Патент USA US2404586код для вставки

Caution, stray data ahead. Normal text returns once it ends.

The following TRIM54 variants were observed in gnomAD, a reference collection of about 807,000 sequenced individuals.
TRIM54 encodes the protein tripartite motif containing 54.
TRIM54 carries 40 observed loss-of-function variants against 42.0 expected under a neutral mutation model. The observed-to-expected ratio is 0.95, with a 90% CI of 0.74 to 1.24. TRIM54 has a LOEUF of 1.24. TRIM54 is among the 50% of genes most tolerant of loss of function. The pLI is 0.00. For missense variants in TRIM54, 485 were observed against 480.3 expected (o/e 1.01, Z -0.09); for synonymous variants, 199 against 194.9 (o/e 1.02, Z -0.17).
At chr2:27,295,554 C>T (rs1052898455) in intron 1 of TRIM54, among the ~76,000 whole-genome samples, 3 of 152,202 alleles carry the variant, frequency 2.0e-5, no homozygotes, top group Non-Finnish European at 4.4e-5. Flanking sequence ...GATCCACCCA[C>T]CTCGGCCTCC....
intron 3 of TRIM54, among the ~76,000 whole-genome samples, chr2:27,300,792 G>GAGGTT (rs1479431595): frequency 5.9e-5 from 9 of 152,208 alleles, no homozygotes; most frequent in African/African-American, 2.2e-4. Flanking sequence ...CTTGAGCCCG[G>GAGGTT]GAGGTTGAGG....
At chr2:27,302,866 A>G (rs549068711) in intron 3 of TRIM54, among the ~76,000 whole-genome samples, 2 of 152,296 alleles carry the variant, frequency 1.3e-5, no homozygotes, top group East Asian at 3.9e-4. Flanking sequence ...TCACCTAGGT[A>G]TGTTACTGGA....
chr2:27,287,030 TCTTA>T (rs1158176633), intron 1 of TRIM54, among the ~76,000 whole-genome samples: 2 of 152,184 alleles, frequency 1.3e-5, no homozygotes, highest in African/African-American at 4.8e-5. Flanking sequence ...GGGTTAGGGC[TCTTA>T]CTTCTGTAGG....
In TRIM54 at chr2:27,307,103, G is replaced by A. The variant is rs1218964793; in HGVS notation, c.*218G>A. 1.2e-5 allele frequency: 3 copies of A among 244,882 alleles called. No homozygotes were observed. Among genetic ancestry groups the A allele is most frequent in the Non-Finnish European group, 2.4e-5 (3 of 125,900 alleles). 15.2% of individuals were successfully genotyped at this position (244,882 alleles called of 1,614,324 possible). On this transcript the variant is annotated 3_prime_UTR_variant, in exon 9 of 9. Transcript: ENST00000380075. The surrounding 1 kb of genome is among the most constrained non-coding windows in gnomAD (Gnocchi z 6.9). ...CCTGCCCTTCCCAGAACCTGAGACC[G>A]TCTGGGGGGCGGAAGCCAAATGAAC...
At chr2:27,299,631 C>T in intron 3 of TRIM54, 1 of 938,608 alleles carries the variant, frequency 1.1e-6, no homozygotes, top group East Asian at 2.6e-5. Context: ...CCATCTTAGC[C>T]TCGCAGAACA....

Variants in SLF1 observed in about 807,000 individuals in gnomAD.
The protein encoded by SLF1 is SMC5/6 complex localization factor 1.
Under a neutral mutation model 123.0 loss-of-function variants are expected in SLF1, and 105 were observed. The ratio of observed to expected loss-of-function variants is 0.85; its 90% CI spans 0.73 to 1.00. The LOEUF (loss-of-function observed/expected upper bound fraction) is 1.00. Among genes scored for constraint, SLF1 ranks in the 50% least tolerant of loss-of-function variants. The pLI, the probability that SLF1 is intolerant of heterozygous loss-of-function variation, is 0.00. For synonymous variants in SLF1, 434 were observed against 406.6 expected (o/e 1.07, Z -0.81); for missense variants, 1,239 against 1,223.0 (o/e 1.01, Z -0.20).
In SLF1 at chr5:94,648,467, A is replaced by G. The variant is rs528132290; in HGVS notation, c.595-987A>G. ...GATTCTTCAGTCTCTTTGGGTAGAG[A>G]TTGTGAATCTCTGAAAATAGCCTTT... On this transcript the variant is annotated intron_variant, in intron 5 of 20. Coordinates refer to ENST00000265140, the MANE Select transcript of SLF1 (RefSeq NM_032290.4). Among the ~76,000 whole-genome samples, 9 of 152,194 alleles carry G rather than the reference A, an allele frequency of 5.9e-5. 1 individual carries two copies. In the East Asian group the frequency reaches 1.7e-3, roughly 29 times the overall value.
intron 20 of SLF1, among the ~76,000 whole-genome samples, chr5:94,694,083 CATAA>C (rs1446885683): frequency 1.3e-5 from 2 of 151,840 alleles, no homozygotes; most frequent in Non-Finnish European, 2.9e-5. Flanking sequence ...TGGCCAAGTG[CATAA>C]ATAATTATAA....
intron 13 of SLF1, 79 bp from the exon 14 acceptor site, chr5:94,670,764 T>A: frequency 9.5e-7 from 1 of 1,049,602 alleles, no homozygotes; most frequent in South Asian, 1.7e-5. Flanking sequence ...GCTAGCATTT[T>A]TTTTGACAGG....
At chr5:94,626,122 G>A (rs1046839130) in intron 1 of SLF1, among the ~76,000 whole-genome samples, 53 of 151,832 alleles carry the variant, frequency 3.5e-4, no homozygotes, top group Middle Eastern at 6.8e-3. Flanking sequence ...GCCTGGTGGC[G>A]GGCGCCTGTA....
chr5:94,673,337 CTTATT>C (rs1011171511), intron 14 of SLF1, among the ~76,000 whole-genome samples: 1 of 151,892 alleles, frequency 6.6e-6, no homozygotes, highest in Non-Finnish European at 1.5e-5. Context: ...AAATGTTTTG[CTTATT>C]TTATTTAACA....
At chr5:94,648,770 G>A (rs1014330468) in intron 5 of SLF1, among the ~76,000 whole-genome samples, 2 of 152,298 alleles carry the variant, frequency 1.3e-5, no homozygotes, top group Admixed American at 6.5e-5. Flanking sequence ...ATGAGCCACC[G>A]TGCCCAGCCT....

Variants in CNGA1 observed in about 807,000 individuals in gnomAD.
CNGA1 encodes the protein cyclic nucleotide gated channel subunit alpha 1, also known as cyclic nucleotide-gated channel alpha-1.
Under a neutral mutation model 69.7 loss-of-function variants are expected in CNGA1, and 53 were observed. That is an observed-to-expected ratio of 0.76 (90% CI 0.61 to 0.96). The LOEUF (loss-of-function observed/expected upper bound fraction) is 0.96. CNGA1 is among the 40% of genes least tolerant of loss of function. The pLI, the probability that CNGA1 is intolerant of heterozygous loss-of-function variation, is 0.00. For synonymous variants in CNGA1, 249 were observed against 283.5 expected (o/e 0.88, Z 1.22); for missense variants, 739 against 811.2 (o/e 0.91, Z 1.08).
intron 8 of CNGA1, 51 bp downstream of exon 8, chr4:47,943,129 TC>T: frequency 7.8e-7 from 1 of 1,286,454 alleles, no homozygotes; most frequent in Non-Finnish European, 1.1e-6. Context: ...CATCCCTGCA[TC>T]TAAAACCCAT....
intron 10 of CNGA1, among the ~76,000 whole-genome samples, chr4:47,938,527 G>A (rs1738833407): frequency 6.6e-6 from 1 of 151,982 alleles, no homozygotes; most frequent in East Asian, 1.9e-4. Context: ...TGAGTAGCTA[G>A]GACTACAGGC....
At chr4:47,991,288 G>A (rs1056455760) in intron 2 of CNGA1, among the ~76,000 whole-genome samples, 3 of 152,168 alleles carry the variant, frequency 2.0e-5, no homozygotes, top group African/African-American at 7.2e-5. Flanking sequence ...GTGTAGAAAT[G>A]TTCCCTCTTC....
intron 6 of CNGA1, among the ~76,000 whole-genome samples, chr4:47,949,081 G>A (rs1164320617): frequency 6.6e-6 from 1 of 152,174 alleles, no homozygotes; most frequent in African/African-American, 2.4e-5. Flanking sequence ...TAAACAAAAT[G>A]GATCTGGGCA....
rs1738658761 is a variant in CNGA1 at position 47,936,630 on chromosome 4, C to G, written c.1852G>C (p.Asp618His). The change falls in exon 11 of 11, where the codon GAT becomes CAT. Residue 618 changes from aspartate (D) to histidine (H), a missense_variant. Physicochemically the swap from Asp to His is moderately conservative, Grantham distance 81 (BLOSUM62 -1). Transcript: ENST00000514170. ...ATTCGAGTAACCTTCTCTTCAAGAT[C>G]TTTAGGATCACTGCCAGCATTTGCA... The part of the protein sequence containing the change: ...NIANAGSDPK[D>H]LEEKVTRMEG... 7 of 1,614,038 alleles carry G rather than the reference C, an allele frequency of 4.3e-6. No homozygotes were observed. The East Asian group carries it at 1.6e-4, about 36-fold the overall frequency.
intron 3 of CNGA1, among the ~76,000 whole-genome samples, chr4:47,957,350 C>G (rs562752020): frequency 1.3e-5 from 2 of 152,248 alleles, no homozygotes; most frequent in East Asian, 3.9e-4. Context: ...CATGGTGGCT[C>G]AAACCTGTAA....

July 23, 1946. R. MALING A METHOD OF MAKING 2,404,586 FOOTWEAR I Filed Deb. 9, 1944 v ‘ 2 Shéets-Shéet 1 A’? ~ .9 20 5’, /6 /a I 28 22 42 19'. 4. m 1' I B34; INVENTOR. . July 23,, 1946. R. MALING 14%,586 ’ METHOD OF MAKINé FOOTWEAR Filed Dec. '9, 1944v 2 Sheets-Sheet 2 _ / l4 Hyi ' ' l1.. h. IN VEN TOR. Patented July 23, 1946 2,404,586 a ' UNITED [STATES V t ' g PATENT OFFICE ~ “ :MEIHQDQFMAKING 2,404,586 FOOTWEAR _ , ' ~ ' 4 “Roy Malina, West Roxbury, Mass. ,Applipatiqnllecember 9, 1944, Serial ‘No. 567,362 ' 1 Claim. ' (01. 124-142) I 2 This invention relates vrte improvements in-shoe Figure 1 is a longitudinal cross-section of a shoe upper structure embodying featuresvof my, invention; the upper being in suspendedrelation making methods and shoe structures produced thereby. ‘ ' to the lining ;-~ . Shoesniadeaccording toconventional s0.—cal1ed slip=lasted methods ‘have certain manufacturing ‘advantages as compared with shoes having regu of'Figure 1; 10 .m , ~ It is-an object of~my present-invention to pro-, vide a method of_m_aking shoes whichcombines certain advantageous features of both~slip~lasted " a ‘ of the upper; , . I Figure 5 is a bottom plan View of the-bottom. of the shoe of Figure 4- prior to applyingof-the t * . '_ I. Figure ‘6 is a- cross-sectional view on~;line16—6=i of. Eigure?; , q .- ~ '4. -, Figure 7 is a cross-sectional ;view simila-rto 11'8‘6 but showing; a‘, counter pocket felement ihed to‘ the lining; ' _ ' . ,, , ' . is completely regularly-[lasted overtheslip-lasted Figure 8.. is a ‘cross-sectional. view similar. to inner street-Ire after? a last. has been. slipped into Figures ‘6' and? '7. but: having an exterior". pocket: the inner str-ucture_.; '3 ‘ :' . 1 ' Another object is to provide'ashoe structure having 11% ,completely slip-lasted; lining; and; sock linins'inncr upper and. a completely regu , larlrlasted outer upper unit. . r ' ' Figure 4 is a longitudinal section through a modi?ed shoe structure on a last prior .to lasting insole and ?ller‘layer; and regularly lasted procedures in that an inner 20 upper Structure comprising a lining: and'sock-lin ing is completely slip-lasted anclthe upper proper ‘ unit, and with the upper lasted over uponran ina sole and ?ller unit; ser'ted‘ last with thennicety- and uniform tightness that is attainable, when theu-pper ispulled over a last and made to conform 'precisely'to the last M »; I ‘sorted in the prestitched lining and sock lining. product usually has superior qualities ot?exibility . T » shoe structure of Figures 1 and 2 with a last in‘ ipg'economies may be availedof, and a slip-lasted contour. ' Figure ‘3 is a longitudinal section through the larly lasted uppersin that various manufactur as compared with regularly lasted footwear. _I_-_I,owever-, a slip-lastedupper, especially a leather upper, cannot practically be made to ?t an in‘ - Figure 2 is a cross-sectional View on line 2--2 1 ' 2.5 element stitched, to: the; upper which latter‘ has no lining, the pocket element having a lasting'allowfor lasting the rear; part of the upper; and Figure-‘9- is; a side elevation of an. open toe shoe having; a. counter pocket on the; lining; on its; side‘ A further object is; to provide in‘ a-shoe struc 30 which;istowardtheuppen, Referring: to, the: drawings,‘ the: , . lining; . I10: may . ture. a complete inner sock; pre-stitched through be. of fabric: or other.’ suitabl'evshoe liningj out whilerffreo of alast,jtorwhoseztopaedge the shoe, upper is. Stitched alliaround the :foot 4 opening material: and; in :Figs'. '1-3“ is; showzrrstitched' at in a conventional manner, vwhereby sai'dup'per IFZZ to.v a; sock‘ lining Hi all aroundjthe Ishoeto' becomes. anchored on a last slipped into the inner 35 providera complete sock into which; a: last‘ may I be inserted after the stitching of lining to sock sock, ‘for an effective lasting of the upper all lining has been accomplished. ' '_ around the shoe. The upper I6 is preliminarily stitched’ at l8 Still another object is to provide a shoe struc to the lining around the foot opening in a con ture having a lining and sock lining stitched to gether to provide a complete sock while the lin 40 ventional manner so that the upper, after a last has been inserted in the sock, is suspended loosely ing is free of a last, and having a layer of cush; from the lining on the last but is anchored at the top stitch line I8 so that every part thereof may be drawn to last shape by regular lasting 45 procedures and turned over upon the sock lining and ?ller to which the upper may be lasted‘, , M, or preferably, upon‘an insole and ?ller layer Yet another object is to. provide a slip-lasted 20 of cushioning material. This layer 20 may be inner sock from which the upper is suspended a relatively thin sheet of sponge rubber one and over which, while on an inserted last, the eighth of an inch in thickness, for example, or upper may be lasted throughout the extent of 50 it ,may be a plastic substance, such as a cork the’upper. ~ , composition or the like, spread over the under It is, moreover, my purpose and object gener surface of the sock lining I4 and allowed to set ally to improve upon prior shoe-making methods or partially set prior to lasting of the upper. In and prior shoe structures, especially shoes of the any case, however, the layer 20 will be readily ' so-called slip-lasted variety. 55 ?exible and pliable as compared with?c‘onven-v In the accompanying drawings: ioning material applied, after insertion of a last in the sock, in covering relation to the under sur face of the sock lining for constituting an insole 2,404,586 1;‘ 3 - itional relatively sti?f insoles which heretofore V . the sock lining projects rearward free of the’ lining. Preferably the free rear part of the sock .‘have been necessary adjuncts to a lasted forepart. , According to my invention, the insole ?ller layer lining covers a stiffener element 28 at the rear 20 does not need to be stiff for the lasting be cause the lining and sock lining preliminarily part, having its marginal edge portions turned over the edges of the stiffener 28 and cemented to its under side as shown in Figs. 4, 6, '7 and . are secure in theirv covering relation to a last "inserted therein, the insole ?ller layer 20 being V 8. ’ 1 ‘primarily a cushion between the lasted over por This enables the sock-lining-covered stiff ener 28 to be swung out of the way for inserting tions of thewuppereand the relatively thin sock a counter in any of the ways heretofore suggested lining, to vavoid 'discomforting ridges interiorly 10 and then the covered sti?ener 28 may be moved of the shoe which otherwise might be present due, ' into covering relation to the counter ?ange, in- ' vteriozrly of the shoe and prior, to insertion of a 1 . to the extra thicknesses of material at the mar-_: ‘‘ ginal regions of the, shoe, especially around its forepart. last therein, over which and the counter ?ange the upper may be eliectively lasted, and the cov-_ ' V » . The rear part of the shoe may have a counter‘ 15 ered stiffener 28 provides a ?nished base surface 22 inserted between the slip-lasted inner sock and ' interiorly of the lasted shoe. 7 the loose suspended upper, any desired stiffening Any desired sole ‘and heel structure may be element 24 being embodied between the sock applied to my lasted upper, preferably by cement, lining I 4 and the counter ?ange 23 over which although a suitablewelt strip (not shown) might 'the upper is turned in the lasting of the rear 20 be provided all around the shoe by’ means of . parts of the upper; Obviously, ‘if desired, a‘ which an'outsole might be stitched on according ' -j counteripocket may-be provided on the‘lining In by stitching-a‘sheet 26 to its inner surface as in to welljknown procedures. In . Fig.1, or to its outer surface as in Fig. 9, the‘ 7 U , _ 3' and 9, I have represented a platform and heel: unit 30 of laminated ' construction 1 pocket extending throughout the portion'of rear part which is to be stilfened by a counter, the cemented in place and having an outsole I32 thereon, but‘ it will be understood that the fea ; underside of thepocket'being‘left open for in ' tures of my present invention-relate to improve . sertion of a’ counter. _ ‘In this case the lining is‘ ' ments 1n the upper structure and that any desired freeof the sock lining at the rear part of the -j and suitable base structure may be applied 1 .~;slioe’ so that the loose part of the sock lining thereto. ‘ . ' ' ‘My herein'disclosed method and structure ‘pro ‘ may cover the, counter ?ange as indicated in Fig. , 1 *7; which shows such ‘an interior’counter pocket‘ vide shoes which can bermadei insubstantial part by economical‘ slip-lasted?’ procedures and . on the lining l0. “As‘shown, both the'upper l6 ‘ v‘and its, lining l0 have lasting. allowance-so that Whose uppers 'inay bef lasted throughout to at 1 ‘both may be lasted over upon the counter ?ange. 35 tain the advantages which are well‘ knownatt'ri; ' Similarly, a counter pocket may be provided butes of ‘a lasted upper, but embodying-at the ~ 3 exteriorly of the upper l6, as shownjin Fig.6," 1 by’ stitching?'a strip 25 to the exterior surface forepart"qualities of ?exibility not heretofore attainable ina ‘shoe having’ ' a lasted; forepart, ‘ ‘ " l of the upper I16, ‘and’ leaving the under side of Z th'e'pocket .open ‘for ‘reception of a counter be 40. so far as I'am aware. ' '7 I' claim as my invention: 7 " tween ‘the upper 16- ‘and the strip 25. In this’ The'method of making a shoe upper‘structure ‘ case, the upper may be ‘a' fabric-lined‘ sheet? comprising the steps of stitching van upper and lining- together' at their edges'wh'ich are'to‘be " uppermost in ‘the shodj's'titchingth'e lining to'a' sock lining all around the edges of’ the'flatter therebyrto'provide a complete. sock from'whose ‘ 7 material requiring ‘no separate lining, and it may ‘ j terminate at the under plane or the'sock‘lining, , g the pocket strip‘ ‘ZS-having lasting allowance for 45 i thelasting of rear'parts of the shoe. 1 ' ‘ Although the ‘construction illustrated in Figs. top edge the'i'upper is loosely suspended, inserting V ' ; 1-3Iprovides an ‘effective and’ economical‘ shoe a ‘counter'between the lining and uppériat the I which can have superior qualities of ?exibility at rear part of the shoe, followed by'ins‘erting'a last 1 the forepart in conjunction with adequate sup : porting stiffness eat the rear’part, theflining l0 doesv not-:neecl’ to be stitched to the sock lining’ :50 in the preestitc'hed sock ‘to s1ip-1ast;the sock, ‘ |4> allaround the‘ shoe. 'In' the ‘constructions of . ‘ Figs. 4-7' and 9, the lining and‘ sock lining are andithen applying asheet layer ofipliable ma-j 7 teria1'to-theunder side of the sock. lining; and lasting-the upper overfupon the sheet layer all . aroundthe extent of‘the’upperj ~ I ~ ~ L stitched together only around the'forepart'and 55 > ~ - I _ ROYMALVING.